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(Photo: Warner Bros.)

That shot, like so many others throughout these trailers, shows The Batman's mastery of lighting and how the film uses it to create a more authentic Gotham City.  There are several other shots from The Batman's various trailers that have already become iconic in the eyes of fans. Think about Batman and Catwoman standing over the Gotham skyline. Or machine gun fire showing a chilling Batman marching closer to his enemies. Or, my personal favorite, Batman lighting a flare in the sewer, showing off the horde following eerily behind him. In The Batman, light isn't used to illuminate or eliminate the shadows. It's instead used to highlight them, to bring them to life. The shadows, after all, are the real inhabitants of Gotham City.

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(Photo: Warner Bros.)

Gotham is a town that wears its suffering on its sleeve. The city has seen so much over the years and it carries the weight of every violent crime committed in its streets. It has seen things that few could comprehend. No matter when or where or how you look at Gotham City, that pain should be transparent, dripping from every wall and crying out from every rooftop.

Again, Gotham a lot like Batman. Whether Bat or Bruce, the man is consistently suffering and stuck between who he wants to be and who he believes himself to be. Previous takes on the material have treated Gotham City more like Two-Face, depicting a city of crime and violence and night, making way for a bustling metropolis as soon as the sun rises. We know the evil is beneath the surface, but the city puts on an entirely different mask in the daylight. That's not who or what Gotham City is, and The Batman knows it.

Undoubtedly the most brightest, most "daytime" shot in all of the trailers for The Batman takes place at a memorial service, as Bruce Wayne gets out of his car. The sky is cloudy but still bright compared to the rest of the footage. There is no Bat and there are innocent citizens all around. There's a reason the one true day scene in the trailer takes place at a funeral. Gotham City is incapable of hiding its pain. The shadows can't be seen in the shot, but they can be felt in every pixel.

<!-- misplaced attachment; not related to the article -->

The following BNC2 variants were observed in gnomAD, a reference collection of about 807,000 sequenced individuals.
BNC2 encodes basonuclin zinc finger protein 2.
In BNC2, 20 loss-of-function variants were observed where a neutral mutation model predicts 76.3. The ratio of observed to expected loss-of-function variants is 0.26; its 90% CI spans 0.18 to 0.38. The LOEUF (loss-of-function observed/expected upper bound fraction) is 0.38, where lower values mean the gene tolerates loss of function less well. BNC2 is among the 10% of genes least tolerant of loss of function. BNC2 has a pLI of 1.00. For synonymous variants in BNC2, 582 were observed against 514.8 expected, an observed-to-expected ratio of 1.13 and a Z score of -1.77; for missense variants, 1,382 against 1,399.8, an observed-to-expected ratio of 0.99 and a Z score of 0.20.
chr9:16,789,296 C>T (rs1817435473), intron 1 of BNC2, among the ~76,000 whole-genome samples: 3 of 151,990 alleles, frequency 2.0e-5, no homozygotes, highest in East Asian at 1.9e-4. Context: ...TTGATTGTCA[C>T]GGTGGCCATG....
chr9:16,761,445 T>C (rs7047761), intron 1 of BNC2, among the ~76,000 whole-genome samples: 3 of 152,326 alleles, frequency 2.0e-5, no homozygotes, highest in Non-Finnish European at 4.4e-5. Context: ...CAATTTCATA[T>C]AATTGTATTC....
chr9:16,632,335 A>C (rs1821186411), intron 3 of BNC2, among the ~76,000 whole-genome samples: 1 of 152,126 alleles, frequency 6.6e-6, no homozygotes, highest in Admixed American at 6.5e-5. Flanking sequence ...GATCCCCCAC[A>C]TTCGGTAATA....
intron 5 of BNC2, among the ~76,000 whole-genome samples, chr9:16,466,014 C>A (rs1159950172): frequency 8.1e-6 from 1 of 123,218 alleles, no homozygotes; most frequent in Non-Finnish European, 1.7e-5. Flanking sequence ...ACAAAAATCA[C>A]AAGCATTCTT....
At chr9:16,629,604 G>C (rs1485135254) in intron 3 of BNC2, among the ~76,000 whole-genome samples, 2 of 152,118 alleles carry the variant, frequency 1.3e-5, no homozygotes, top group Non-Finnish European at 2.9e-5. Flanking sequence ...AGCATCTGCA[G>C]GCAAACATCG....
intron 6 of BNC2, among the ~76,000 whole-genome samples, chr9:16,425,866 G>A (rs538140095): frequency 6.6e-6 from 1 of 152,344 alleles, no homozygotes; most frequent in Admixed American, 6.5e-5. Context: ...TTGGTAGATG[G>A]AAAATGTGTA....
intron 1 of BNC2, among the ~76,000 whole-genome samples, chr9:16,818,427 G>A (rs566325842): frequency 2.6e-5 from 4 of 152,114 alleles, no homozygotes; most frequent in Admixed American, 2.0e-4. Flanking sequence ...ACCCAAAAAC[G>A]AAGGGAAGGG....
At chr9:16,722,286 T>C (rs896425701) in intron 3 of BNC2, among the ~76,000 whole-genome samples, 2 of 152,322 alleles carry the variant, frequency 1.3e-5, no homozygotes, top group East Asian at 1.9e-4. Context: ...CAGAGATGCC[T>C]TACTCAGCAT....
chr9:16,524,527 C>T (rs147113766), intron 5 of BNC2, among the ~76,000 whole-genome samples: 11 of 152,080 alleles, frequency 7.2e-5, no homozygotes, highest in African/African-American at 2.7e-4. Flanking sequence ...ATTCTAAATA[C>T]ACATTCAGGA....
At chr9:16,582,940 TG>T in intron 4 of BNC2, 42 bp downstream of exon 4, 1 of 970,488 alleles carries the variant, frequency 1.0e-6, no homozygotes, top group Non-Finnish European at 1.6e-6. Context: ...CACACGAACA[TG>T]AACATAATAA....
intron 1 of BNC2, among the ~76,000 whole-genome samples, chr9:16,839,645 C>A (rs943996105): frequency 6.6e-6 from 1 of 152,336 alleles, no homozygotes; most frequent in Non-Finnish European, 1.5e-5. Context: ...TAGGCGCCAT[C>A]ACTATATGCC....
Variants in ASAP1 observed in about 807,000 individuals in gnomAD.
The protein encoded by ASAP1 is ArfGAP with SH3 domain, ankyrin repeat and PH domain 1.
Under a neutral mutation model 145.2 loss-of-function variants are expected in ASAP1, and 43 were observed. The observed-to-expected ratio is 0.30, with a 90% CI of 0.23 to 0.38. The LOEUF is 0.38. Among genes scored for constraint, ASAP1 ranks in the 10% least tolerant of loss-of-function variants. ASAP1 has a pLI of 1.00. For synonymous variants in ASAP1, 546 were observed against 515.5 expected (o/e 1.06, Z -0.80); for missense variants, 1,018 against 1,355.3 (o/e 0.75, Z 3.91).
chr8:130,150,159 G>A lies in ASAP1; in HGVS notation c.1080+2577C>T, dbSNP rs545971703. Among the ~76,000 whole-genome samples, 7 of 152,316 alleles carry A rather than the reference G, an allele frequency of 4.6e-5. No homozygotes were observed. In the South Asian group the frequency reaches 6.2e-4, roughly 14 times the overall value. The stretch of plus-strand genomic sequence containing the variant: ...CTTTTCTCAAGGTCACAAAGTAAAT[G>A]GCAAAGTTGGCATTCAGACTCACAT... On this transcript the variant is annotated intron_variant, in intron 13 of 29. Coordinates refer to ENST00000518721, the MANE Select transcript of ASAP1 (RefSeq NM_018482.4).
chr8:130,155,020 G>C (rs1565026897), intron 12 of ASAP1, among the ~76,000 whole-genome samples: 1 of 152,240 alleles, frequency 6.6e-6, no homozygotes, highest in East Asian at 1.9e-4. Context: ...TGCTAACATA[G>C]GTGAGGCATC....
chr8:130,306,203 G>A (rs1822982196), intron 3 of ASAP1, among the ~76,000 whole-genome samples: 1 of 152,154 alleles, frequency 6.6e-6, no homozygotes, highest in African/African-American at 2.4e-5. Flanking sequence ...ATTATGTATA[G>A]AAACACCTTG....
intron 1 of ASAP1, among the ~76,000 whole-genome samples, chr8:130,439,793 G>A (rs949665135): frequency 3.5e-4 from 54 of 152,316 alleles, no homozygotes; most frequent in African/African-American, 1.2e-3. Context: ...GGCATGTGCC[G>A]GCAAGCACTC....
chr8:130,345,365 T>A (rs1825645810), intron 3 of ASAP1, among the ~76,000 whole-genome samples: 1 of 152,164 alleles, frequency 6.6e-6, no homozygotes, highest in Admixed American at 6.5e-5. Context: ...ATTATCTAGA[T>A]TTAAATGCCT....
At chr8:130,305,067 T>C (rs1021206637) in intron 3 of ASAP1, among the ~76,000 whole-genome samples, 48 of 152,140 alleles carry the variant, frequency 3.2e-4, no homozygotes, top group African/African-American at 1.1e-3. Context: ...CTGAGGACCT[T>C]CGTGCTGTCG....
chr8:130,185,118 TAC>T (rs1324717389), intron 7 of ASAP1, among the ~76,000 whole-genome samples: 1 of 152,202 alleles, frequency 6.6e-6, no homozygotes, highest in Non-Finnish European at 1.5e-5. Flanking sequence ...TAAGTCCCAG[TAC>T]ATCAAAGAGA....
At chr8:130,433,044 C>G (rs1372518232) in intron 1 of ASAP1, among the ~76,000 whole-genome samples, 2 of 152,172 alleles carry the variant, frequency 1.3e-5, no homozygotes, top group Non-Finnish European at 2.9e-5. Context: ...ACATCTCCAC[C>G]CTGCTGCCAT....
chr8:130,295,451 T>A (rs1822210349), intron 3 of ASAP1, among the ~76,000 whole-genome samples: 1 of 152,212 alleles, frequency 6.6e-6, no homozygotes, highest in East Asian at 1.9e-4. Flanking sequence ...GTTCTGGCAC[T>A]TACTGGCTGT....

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(Photo: Warner Bros.)

Gargoyles and cathedrals have always been staples of Gotham City because they're often associated with grief, suffering, and a place in desperate need of protection. There's not shortage of that imagery in any trailer, teaser, TV spot, or photo from The Batman we've seen to this point.

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Gotham City, like Batman, is built on trauma. Hiding that trauma goes against who the character is. That's the goal of their collective story. Both the city and the man are fighting back against that trauma and that pain, knowing that at any moment it could swallow them whole. We should see that when we look at Gotham, just as we do when we look at Bruce Wayne. In The Batman, it appears that Gotham City is finally getting the spotlight. And that light is going to show off every scar and terrible memory those brick walls and cobblestone streets have been trying so desperately to keep in the dark.

The Batman opens in theaters March 4th.